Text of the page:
Pets are important family members worldwide. You love them, and you like having them with you as much as possible. Of course, a road trip or an errand is perfect for them to tag along, but is it okay to drive with your pet on your lap?
It is not okay to have any pet of yours on your lap while you drive. The risks of them being a distraction and causing an accident are high. Even worse is how fatal an accident would be for them. They could be crushed by airbags or become projectiles through your windshield.
This article will explore the possibility of driving with your pet on your lap and if it’s otherwise okay to do so. You will also learn about the need to restrain animals in cars and go about it.
Is It Legal to Drive with Your Pet on Your Lap?
Pet owners have different reasons for driving with their pets on their laps. Some of them do it in order to calm their pets on their first car ride. Others do it to prevent their pets from being loose in the car.
While it isn’t exactly illegal in many parts, some States have laws that relate to it in a fashion. For example, distracted driving laws cover anything that keeps you from driving safely, including applying makeup, eating, or texting. Inattentive driving laws and animal cruelty laws also cater to it in a way.
In some states, the wording doesn’t specifically name pets, and in a few others, it is up to the officer’s discretion that pulls you over. Here is a brief description of what rules apply in different states:
- Arizona, Connecticut, and Maine put driving with a pet on your lap under distracted driving laws.
- In Washington, police officers and lawmakers consider it a “possible distraction.”
- In Washington D.C, the distracted driving law specifically mentions interacting with pets in its description.
- While Massachusetts’ and Hawaii’s laws are similar, only Hawaii specifies pets sitting with you in the front seat.
- South Carolina calls it negligence and only if the officer considers the situation to be unsafe.
- Iowa considers a pet on your lap as a contributor to obstructed view. You get a fine for defaulting.
- Alabama, Ohio, Oklahoma, Tennessee, Texas, Utah, Vermont, Virginia, Washington, and Wisconsin all file it under animal cruelty. Defaulting is a misdemeanour in some of these states and disorderly conduct in others.
- Wisconsin also files it under inattentive driving.
Other states will be considered later. Breaking these laws also affects any insurance claim that you may seek. Punishments could be fines or citations. You should always consider the laws before you move about in a city.
Is It Okay To Drive With Your Pet On Your Lap?
Driving with your pet on your lap paints a cute picture. It may even be exciting and enjoyable for your pet. However, it is neither safe nor okay.
A pet in the car is already enough distraction. Having one in your lap makes it even worse. An unrestrained pet in the backseat could block your view of the traffic behind you.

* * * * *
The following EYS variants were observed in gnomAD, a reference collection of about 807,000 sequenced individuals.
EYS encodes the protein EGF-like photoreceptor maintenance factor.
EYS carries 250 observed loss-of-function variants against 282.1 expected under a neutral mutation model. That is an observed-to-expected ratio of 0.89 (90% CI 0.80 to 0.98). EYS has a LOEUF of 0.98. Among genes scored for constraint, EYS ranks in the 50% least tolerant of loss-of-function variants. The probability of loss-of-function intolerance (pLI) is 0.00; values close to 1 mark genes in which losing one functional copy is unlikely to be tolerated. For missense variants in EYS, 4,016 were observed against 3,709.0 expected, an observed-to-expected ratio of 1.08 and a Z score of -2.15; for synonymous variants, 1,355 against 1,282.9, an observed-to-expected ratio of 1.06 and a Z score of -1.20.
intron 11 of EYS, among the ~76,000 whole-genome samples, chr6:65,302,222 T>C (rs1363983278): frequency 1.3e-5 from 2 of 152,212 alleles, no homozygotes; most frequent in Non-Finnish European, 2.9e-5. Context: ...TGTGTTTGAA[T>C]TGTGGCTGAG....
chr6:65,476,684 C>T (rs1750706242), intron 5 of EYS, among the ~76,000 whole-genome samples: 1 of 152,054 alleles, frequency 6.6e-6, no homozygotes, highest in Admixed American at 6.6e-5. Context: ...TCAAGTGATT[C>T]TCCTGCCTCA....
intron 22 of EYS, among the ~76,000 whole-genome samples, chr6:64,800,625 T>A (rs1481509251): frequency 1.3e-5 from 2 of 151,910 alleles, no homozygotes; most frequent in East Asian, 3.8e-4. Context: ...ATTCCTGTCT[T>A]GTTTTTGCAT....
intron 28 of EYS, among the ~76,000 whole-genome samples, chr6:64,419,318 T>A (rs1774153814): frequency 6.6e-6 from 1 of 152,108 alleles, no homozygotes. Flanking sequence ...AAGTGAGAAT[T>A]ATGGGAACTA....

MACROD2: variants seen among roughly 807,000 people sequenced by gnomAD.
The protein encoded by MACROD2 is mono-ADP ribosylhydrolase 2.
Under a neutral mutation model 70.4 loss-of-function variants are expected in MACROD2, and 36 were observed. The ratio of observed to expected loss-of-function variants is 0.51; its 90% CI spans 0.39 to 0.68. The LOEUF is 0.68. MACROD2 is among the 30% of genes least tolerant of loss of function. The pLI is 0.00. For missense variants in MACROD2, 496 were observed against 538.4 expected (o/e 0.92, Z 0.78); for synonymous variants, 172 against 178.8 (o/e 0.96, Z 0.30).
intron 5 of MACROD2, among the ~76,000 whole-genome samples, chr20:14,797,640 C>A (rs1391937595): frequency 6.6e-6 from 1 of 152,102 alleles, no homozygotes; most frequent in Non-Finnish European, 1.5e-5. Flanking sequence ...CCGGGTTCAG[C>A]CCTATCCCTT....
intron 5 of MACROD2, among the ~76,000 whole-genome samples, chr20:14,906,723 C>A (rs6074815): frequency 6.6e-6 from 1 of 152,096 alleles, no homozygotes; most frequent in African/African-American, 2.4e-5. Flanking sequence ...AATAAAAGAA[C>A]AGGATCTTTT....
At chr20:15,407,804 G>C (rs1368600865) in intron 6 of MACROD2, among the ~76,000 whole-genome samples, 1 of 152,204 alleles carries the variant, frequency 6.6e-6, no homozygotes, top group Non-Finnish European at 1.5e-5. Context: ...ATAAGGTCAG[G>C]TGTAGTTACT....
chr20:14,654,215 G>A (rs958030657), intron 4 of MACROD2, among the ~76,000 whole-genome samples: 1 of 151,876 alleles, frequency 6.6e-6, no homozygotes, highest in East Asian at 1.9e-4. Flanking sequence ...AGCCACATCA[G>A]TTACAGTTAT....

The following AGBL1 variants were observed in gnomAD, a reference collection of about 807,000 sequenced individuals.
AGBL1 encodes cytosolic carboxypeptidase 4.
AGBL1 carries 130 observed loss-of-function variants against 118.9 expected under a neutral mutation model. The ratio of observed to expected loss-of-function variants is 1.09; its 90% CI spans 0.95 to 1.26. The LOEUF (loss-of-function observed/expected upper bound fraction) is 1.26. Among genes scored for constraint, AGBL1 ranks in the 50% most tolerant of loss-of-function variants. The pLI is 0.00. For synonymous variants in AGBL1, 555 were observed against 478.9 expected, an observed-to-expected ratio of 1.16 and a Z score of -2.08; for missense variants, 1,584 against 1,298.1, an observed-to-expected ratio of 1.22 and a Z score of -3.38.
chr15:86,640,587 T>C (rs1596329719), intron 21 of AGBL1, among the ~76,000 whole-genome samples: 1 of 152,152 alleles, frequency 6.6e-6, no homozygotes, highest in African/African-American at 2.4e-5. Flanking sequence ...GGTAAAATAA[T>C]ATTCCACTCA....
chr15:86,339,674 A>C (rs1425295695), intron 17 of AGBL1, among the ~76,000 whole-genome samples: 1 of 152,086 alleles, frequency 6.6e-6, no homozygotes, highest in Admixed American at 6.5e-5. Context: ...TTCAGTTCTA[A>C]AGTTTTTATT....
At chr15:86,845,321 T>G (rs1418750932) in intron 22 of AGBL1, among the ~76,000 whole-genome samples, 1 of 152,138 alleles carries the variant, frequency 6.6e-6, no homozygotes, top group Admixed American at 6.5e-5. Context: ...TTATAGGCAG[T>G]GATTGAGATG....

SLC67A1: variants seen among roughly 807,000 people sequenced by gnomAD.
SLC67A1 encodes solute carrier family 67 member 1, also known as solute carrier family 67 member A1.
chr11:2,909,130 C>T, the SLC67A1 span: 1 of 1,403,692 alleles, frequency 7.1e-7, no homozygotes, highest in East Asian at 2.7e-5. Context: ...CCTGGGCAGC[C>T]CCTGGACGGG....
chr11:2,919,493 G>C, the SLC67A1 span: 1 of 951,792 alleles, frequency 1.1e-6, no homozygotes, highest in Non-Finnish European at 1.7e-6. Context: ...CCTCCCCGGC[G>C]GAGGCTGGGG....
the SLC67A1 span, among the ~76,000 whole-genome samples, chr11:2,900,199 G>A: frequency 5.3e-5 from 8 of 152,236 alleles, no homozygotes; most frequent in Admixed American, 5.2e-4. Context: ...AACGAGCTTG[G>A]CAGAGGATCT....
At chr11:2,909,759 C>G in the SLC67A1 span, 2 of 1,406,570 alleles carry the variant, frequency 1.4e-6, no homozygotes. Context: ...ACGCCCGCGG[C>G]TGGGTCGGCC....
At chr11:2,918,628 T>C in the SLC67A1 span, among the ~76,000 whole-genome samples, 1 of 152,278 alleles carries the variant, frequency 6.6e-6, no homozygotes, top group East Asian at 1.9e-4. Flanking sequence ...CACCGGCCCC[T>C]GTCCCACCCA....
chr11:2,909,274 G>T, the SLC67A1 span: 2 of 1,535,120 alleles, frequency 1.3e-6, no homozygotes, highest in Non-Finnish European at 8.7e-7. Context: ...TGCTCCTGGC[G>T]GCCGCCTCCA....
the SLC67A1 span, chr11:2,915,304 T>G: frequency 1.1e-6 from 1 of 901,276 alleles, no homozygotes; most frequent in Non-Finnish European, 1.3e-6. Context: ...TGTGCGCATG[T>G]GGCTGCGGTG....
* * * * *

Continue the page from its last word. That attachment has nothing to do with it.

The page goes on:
Dogs could bark into your ear, fidget, or whine, and cats could scurry under your feet at the brake pedals. These are situations where you have to offer comfort. Taking your eyes off the road or driving with one hand on the steering wheel makes it a little better.
In the event of an accident, deployed airbags could crush small-sized dogs and cats. Having pets in your lap could even stop the airbags from working properly to save you. Unfortunately, your pets could also be hurled out of the window at alarming speeds.
Having dogs place their heads could be dangerous for them. Sand, bugs, stones, dust, and other flying debris may get into your dog’s eyes and cause issues. In addition, dogs and cats could jump out of the window and into traffic; they are left free in your car.
You must consider safe driving for your pet, for you, and for the motorists and pedestrians who share the road with you.
Do Animals Have to Be Restrained in Cars?
It is ideal for animals to be restrained in a moving vehicle. Having them restrained in the backseat prevents window escapes, jostling around with sharp breaks and swerves, and being missiles through your windshield if an accident happens.
Choosing a pet vehicle safety device depends on the size, temperament, and type of your pet. Examples of pet safety devices include pet cars, vehicle pet barriers, SUV seats, pet vehicle safety barriers, hard-sided pet travel kennels and crates, and soft-sided pet carriers.
Make sure that your pets get used to the pet safety device that you opt for before you start using it. The devices you pick should be crash-tested and fit your pet correctly. This makes them comfortable and less likely to fuss while you drive. You must also keep the windows down for adequate ventilation.
All safety devices must be secured; by cargo hooks (in the beds of trucks), seatbelts, or being placed by the back seat. This prevents jostling and the crate from becoming a projectile.
There are states that find it illegal to have unrestrained animals in the vehicle. Some states like California do not require pets to be restrained within enclosed vehicles, but they require it for open-bed vehicles.
New Jersey and Rhode Island have similar laws to California, and you could get fined between $200 and $1,000 for defaulting. For unrestrained animals in an open truck bed, below is a list of states that find it illegal:
- New Hampshire
Make sure your pet’s safety is your number-one priority at all times while traveling in the car. You’ll be able to ensure not only your own safety but the safety of others as well. The most important aspect of pet travel is making sure you all return home together.